July 29


How Did It Go Down? by Kara Rosenberg

how it went downHow It Went Down by Kekla Magoon starts with an all-too-familiar scenario: a black teenager, Tariq, is shot by a white man in a poor, urban neighborhood that could take place in any city in America at any point in the recent (or not-so-recent) past. The novel begins with what seems like a straightforward police report and proceeds to tell the story of the shooting’s aftermath through short vignettes, written from the perspectives of various characters connected to Tariq and his death. The story that emerges is far from straightforward and defies our stereotypes at every turn. Readers and characters have to puzzle out the truth about Tariq: was he an innocent bystander or an aspiring member of the Kings (the Peach Street gang)? Was he the victim or the criminal?


At first, there are too many characters, too many emotions, and too many versions of how it went down. The chapters are short—mostly one to three pages. They rotate through the points of view of twenty different characters. I was dubious as to whether I would be able to keep twenty separate voices straight, but here Magoon shines as a writer. Distinct storylines quickly emerge, and she shows vividly how one death can ripple through a community.


There’s Will, a graffiti artist from the neighborhood who moved to the suburbs when his mom married Steve. Both Will and Steve are black, but they respond very differently to Tariq’s death. Will learned how to survive on Peach Street and feels drawn there after the shooting. Steve fears the violence of the ghetto and just wants to turn away. Tariq’s death creates conflict between them and makes them question how much of a father figure Steve should be for Will. When Steve insists on attending a pro-Tariq rally with his stepson, Will finds that Steve is melting through the tough veneer that he has always used for survival: “Steve’s arm tightens around me, and my eyes start going too. He doesn’t say a word, but I just know, the way you know things sometimes. I am under his wing, and I am in his heart. I won’t try to be your father, he told me, the day we moved our things into his house. I was grateful for him saying it, from that minute to this one, but I wonder now. Maybe that plan can’t last.” The book doesn’t solve their problems, but it does move Steve and Will closer to understanding each other.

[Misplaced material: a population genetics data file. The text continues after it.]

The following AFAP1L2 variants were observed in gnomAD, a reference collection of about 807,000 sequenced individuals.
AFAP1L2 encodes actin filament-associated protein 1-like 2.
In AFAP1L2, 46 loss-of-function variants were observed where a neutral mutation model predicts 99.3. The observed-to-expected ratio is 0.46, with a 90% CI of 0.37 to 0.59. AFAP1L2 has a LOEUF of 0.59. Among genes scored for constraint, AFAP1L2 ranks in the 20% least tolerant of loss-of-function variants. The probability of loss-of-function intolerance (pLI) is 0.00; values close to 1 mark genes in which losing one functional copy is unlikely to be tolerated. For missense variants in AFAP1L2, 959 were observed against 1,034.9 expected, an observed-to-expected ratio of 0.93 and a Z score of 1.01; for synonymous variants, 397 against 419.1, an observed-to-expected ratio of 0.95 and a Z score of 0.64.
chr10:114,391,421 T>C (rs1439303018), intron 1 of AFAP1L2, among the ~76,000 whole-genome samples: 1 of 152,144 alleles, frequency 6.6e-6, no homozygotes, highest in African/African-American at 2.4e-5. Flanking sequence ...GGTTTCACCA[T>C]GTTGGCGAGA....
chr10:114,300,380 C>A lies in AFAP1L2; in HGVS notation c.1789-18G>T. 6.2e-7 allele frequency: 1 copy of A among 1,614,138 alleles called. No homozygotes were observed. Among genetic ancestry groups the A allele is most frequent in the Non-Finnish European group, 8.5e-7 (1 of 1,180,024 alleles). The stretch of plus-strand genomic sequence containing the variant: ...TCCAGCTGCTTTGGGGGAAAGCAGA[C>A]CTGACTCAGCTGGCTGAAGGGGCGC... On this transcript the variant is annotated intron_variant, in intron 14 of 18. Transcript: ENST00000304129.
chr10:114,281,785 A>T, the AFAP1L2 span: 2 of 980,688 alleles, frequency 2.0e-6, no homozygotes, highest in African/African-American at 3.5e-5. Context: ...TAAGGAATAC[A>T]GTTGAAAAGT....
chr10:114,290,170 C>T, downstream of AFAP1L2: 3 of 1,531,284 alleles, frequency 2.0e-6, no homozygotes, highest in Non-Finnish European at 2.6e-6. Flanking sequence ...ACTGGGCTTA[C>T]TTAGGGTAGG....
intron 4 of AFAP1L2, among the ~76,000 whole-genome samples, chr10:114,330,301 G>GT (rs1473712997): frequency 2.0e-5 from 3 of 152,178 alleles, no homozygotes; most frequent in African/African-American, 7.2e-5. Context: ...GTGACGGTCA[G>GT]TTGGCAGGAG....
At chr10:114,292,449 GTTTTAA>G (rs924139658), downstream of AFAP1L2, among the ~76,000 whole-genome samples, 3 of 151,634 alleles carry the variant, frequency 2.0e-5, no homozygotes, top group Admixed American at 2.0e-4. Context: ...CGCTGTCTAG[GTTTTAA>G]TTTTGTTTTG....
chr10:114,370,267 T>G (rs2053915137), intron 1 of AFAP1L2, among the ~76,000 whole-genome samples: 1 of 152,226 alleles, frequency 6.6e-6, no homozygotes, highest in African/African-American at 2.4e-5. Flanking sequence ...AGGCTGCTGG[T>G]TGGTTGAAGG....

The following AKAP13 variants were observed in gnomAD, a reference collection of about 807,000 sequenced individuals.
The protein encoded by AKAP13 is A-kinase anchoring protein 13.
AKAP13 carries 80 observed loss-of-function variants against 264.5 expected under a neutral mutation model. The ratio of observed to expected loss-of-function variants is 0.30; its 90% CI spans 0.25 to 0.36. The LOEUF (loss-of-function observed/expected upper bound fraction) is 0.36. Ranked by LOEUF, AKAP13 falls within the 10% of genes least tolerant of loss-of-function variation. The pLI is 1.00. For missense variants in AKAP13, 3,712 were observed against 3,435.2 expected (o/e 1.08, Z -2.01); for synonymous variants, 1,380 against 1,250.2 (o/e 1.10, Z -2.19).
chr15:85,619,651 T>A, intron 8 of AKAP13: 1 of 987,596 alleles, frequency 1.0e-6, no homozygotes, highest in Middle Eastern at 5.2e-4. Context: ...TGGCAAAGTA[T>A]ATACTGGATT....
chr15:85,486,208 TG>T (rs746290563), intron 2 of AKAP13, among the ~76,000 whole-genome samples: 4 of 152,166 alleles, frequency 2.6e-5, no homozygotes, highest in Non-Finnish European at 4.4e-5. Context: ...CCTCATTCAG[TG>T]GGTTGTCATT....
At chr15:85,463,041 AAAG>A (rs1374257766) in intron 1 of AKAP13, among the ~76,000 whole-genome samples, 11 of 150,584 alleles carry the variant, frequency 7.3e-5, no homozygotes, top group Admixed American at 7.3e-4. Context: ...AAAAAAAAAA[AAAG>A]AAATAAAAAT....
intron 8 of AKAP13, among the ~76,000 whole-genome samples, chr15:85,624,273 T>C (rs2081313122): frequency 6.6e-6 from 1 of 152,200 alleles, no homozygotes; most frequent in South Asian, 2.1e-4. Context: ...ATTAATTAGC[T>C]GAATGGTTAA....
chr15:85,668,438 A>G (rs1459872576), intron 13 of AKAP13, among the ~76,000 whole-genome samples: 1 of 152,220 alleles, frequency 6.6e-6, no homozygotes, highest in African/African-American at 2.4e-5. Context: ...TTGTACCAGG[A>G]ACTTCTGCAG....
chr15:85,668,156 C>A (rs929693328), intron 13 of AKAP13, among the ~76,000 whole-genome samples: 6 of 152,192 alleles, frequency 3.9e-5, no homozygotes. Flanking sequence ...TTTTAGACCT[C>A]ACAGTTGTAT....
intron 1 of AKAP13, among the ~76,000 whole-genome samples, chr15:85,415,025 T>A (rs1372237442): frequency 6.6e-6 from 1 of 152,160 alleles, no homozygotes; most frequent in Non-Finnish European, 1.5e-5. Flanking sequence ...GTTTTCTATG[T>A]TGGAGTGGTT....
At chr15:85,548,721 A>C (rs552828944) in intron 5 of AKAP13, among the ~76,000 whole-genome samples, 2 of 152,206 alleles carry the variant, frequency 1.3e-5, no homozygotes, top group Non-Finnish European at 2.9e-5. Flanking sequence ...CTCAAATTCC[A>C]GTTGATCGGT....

There’s also Tyrell, Tariq’s studious best friend whose mission in life is to stay out of the Kings, get to college, and move off of Peach Street. Tyrell spends the novel in a state of confusion: the more he finds out about Tariq’s death, the more he questions who his friend really was. It looks like Tariq’s death is going to drain all the fight out of Tyrell until he has a moment of clarity about what Tariq’s life really meant. Towards the end, Tyrell says, “I don’t know who Tariq really was—if he was the way I see him, or the way Brick does. But I know who he would want me to be.” Tyrell’s story is one of the saddest. His chances of escaping the Kings in the end seem slim, but he ends the novel with an act of determination rather than one of defeat.


And so it goes for the other eighteen characters. One character says towards the end of the book, “[e]ach moment only pushes Tariq deeper into me.” The characters wrestle with what Tariq’s death will mean for them. Will it push them towards violence or away from it? How It Went Down doesn’t offer solutions to that problem, but it does offer a fresh look at an all-too-common story in which characters don’t always do what you expect them to.


Likewise, How It Went Down challenges readers to think about how we react to and make sense of racial and class-based violence. It lays open how subjective the “facts” behind the headlines that splash across our screens really are. Read this book and others by Kekla Magoon (The Rock and the River, Fire in the Streets, X: A Novel) for nuanced, compelling, fast-paced looks into issues of race and class in America.


Kara Rosenberg teaches high school English and history in Vermont and is currently on the Green Mountain Book Award (Vermont’s book list for YA readers) committee. She lives in Montpelier with her husband and two sons and knew she was doing something right when her 7-year-old recently came up to her with a copy of Amulet, saying “Mom, I have a book you have to read…”